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I’ve just joined another MOOC (this is my second to date, the first was Change11), and I’m excited about it. It’s “First Steps into Learning & Teaching in Higher Education“, and I’m hoping that it will both support my work to help faculty improve their teaching & will also help me with design, delivery, and evaluation of my own teaching practice.

I’m happy to have completed the first Teaching with Technology Symposium at Tufts yesterday & the day before. Many colleagues & I worked hard to design, develop, and deliver this new event & although results from the official evaluations have not yet been compiled, I was very happy with the event & have received very positive feedback from many faculty who attended.

Eric Mazur, how ca we foster/teach innovation? Teach real problem solving & to encourage risk taking. We learn by practicing, very little by listening to lectures.

Education is not just the transmission of information. Not being able to transfer learning to new contexts is the hallmark of lack of learning. Traditional assessments discourage risk taking, focuses on outcome not process, is individual, does not mirror future work env’t, so discourages real learning.

Assimilation happens outside of class now; should flip this because transmission is the easy part (case study as first example of flipped classroom.) Pinker’s Curse of Knowledge, students are better qualified to teach other new learners because they remember the problems. Question > think > poll > discuss (30+% right) > repoll > explain; start again.

Lectures give a false sense of security for both faculty & students because they do not reveal misconceptions. Recent MIT study shows that brain activity is less during lecture than anything else. Mazur.harvard.edu

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Paul Lewis, “Forgotten Chapters in Boston Literary History”, seminar & exhibit at BPL & online. Project in civic humanities & digital humanities. Use student research to take work into the community.

“How did Poe know that Longfellow’s reputation would not hold up?”. Opportunity to celebrate our literary heritage, Boston was not on AAA guide to best literary sites. Lack of identifying marks on important buildings, eg early American feminists. Old Corner Bookstore, most important site for literary Boston is now Chipotle with only a tiny sign.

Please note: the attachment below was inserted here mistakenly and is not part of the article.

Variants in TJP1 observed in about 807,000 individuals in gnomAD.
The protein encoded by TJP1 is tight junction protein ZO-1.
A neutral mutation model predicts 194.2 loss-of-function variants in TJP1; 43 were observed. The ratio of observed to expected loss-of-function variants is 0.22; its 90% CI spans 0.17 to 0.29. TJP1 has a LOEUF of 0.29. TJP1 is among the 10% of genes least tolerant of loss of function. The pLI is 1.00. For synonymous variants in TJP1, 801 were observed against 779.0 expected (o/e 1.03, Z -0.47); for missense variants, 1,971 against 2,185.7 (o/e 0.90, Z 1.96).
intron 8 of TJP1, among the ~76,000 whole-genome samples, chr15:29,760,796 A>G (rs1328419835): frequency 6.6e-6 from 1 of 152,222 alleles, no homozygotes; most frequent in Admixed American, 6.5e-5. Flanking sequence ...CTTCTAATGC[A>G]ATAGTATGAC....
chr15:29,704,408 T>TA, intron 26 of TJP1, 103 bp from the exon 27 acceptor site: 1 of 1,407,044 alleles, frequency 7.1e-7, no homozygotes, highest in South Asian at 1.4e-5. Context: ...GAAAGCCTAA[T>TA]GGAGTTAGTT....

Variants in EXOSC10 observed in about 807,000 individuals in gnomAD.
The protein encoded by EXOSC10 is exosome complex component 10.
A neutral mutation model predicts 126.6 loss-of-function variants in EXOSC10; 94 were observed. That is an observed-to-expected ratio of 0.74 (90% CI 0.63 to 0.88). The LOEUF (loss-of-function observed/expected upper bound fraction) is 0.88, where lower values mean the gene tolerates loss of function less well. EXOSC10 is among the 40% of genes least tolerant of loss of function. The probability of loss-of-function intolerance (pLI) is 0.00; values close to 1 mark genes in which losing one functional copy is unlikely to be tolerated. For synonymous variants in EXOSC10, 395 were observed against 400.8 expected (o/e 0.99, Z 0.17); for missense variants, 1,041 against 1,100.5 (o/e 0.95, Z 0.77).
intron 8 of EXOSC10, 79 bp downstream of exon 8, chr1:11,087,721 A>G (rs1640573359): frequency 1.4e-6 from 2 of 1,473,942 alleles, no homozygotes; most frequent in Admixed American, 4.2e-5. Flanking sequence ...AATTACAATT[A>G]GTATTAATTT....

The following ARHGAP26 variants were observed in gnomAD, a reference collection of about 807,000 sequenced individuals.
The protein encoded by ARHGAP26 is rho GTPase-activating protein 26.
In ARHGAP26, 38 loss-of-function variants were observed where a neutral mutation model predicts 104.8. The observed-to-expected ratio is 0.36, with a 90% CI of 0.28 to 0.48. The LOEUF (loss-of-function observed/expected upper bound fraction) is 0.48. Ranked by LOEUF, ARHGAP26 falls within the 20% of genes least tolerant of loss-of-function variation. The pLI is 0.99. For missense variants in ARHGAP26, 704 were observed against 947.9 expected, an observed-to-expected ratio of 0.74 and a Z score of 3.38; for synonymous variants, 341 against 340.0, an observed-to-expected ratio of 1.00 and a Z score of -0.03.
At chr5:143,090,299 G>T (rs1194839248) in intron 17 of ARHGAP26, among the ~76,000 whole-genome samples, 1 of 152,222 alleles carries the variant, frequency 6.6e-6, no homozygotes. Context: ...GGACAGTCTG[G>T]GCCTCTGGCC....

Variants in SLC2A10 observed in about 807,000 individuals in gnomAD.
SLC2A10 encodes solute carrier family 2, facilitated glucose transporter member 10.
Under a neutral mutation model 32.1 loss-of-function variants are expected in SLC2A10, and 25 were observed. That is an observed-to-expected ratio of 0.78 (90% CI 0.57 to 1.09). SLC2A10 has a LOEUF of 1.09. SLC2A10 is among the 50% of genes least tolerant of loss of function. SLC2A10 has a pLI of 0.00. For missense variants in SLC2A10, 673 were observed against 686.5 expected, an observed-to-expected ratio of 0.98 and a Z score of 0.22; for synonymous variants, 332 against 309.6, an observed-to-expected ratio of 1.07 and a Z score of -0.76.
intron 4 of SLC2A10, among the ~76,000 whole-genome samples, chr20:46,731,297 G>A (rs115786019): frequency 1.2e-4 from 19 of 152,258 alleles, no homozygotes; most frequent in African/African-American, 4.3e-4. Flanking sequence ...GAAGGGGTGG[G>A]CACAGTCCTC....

Course had some funding.

Tablet pilot this semester (or year?)

- gave faculty choice of device, 20+ chose iPad, 3 Pc tablet

- first faculty member (statistics): used with lecture captureannotating screen worked well, quite a few challenges (classroom design, switching between devices, stylus not fine enough for everything, popups & log outs.)

- second faculty member (art history on site in Italy); used iPad to show images (eg church blueprint) while inside building, easier thanphotocopies. Apps, hard to find academic content, some good stuff from museums, Virtual History Roma (from publishing house), interactive 3d model of Rome, eTextbook.

- 3rd faculty member (history), working with rare books. Student take iPad to library to take images based on a task, use MediaKron to display & work with images. Didn’t work. Big maps, would be better to ask librarian to scan. Getting images off iPad was awkward.

Very interesting news yesterday about Harvard & MIT announcing Edx.  It will be very interesting to see where it goes & what changes it accelerates and/or transforms in higher education.

Some people call the types of courses being offered in this way MOOCs (Massive Open Online Courses).  The Edx promo video highlights these features of the initiative:

  • planet-scale
  • technology enabled
  • access for all
  • connected learning
  • shared platform
  • enriching campuses

And the organizers “expect to transform learning in the classroom along with the learning online.”

I’ve been participating (lightly) in a MOOC this year addressing similar themes & that site is a great resource, called Change11.

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